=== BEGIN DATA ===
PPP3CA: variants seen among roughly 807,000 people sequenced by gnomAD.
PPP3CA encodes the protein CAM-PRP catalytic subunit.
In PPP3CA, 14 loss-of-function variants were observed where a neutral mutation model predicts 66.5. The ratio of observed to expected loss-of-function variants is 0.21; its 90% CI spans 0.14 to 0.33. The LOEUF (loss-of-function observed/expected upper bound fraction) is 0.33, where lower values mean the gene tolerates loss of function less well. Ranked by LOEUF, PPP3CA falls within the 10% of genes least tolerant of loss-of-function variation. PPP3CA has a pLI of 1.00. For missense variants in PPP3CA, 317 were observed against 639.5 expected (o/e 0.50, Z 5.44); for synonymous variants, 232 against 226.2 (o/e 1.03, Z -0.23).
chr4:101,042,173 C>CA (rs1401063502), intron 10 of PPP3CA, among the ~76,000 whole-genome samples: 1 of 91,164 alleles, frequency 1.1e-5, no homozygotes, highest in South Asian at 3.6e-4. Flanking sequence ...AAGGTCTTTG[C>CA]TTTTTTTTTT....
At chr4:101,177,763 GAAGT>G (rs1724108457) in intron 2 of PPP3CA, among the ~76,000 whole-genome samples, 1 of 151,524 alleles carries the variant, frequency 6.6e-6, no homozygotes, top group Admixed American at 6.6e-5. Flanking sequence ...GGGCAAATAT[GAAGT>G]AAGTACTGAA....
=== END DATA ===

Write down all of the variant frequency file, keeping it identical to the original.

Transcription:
PPP3CA: variants seen among roughly 807,000 people sequenced by gnomAD.
PPP3CA encodes the protein CAM-PRP catalytic subunit.
In PPP3CA, 14 loss-of-function variants were observed where a neutral mutation model predicts 66.5. The ratio of observed to expected loss-of-function variants is 0.21; its 90% CI spans 0.14 to 0.33. The LOEUF (loss-of-function observed/expected upper bound fraction) is 0.33, where lower values mean the gene tolerates loss of function less well. Ranked by LOEUF, PPP3CA falls within the 10% of genes least tolerant of loss-of-function variation. PPP3CA has a pLI of 1.00. For missense variants in PPP3CA, 317 were observed against 639.5 expected (o/e 0.50, Z 5.44); for synonymous variants, 232 against 226.2 (o/e 1.03, Z -0.23).
chr4:101,042,173 C>CA (rs1401063502), intron 10 of PPP3CA, among the ~76,000 whole-genome samples: 1 of 91,164 alleles, frequency 1.1e-5, no homozygotes, highest in South Asian at 3.6e-4. Flanking sequence ...AAGGTCTTTG[C>CA]TTTTTTTTTT....
At chr4:101,177,763 GAAGT>G (rs1724108457) in intron 2 of PPP3CA, among the ~76,000 whole-genome samples, 1 of 151,524 alleles carries the variant, frequency 6.6e-6, no homozygotes, top group Admixed American at 6.6e-5. Flanking sequence ...GGGCAAATAT[GAAGT>G]AAGTACTGAA....